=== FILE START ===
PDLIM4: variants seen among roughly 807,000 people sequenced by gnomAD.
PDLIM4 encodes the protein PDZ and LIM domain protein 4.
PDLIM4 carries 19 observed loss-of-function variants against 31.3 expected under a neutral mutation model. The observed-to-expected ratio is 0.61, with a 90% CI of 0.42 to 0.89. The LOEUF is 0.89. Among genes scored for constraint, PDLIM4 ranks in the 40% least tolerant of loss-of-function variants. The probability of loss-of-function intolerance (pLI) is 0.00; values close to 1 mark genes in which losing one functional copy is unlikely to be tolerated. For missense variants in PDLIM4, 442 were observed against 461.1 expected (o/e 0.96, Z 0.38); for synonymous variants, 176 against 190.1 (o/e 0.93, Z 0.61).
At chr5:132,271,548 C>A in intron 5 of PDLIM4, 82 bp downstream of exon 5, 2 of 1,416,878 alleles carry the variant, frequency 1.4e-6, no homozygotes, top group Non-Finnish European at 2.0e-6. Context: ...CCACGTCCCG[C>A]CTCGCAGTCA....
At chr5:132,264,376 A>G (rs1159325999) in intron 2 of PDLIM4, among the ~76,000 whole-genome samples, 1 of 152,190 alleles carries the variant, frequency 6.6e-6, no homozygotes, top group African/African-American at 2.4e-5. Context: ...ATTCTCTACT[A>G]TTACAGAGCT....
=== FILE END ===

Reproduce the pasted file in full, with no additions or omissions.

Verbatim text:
PDLIM4: variants seen among roughly 807,000 people sequenced by gnomAD.
PDLIM4 encodes the protein PDZ and LIM domain protein 4.
PDLIM4 carries 19 observed loss-of-function variants against 31.3 expected under a neutral mutation model. The observed-to-expected ratio is 0.61, with a 90% CI of 0.42 to 0.89. The LOEUF is 0.89. Among genes scored for constraint, PDLIM4 ranks in the 40% least tolerant of loss-of-function variants. The probability of loss-of-function intolerance (pLI) is 0.00; values close to 1 mark genes in which losing one functional copy is unlikely to be tolerated. For missense variants in PDLIM4, 442 were observed against 461.1 expected (o/e 0.96, Z 0.38); for synonymous variants, 176 against 190.1 (o/e 0.93, Z 0.61).
At chr5:132,271,548 C>A in intron 5 of PDLIM4, 82 bp downstream of exon 5, 2 of 1,416,878 alleles carry the variant, frequency 1.4e-6, no homozygotes, top group Non-Finnish European at 2.0e-6. Context: ...CCACGTCCCG[C>A]CTCGCAGTCA....
At chr5:132,264,376 A>G (rs1159325999) in intron 2 of PDLIM4, among the ~76,000 whole-genome samples, 1 of 152,190 alleles carries the variant, frequency 6.6e-6, no homozygotes, top group African/African-American at 2.4e-5. Context: ...ATTCTCTACT[A>G]TTACAGAGCT....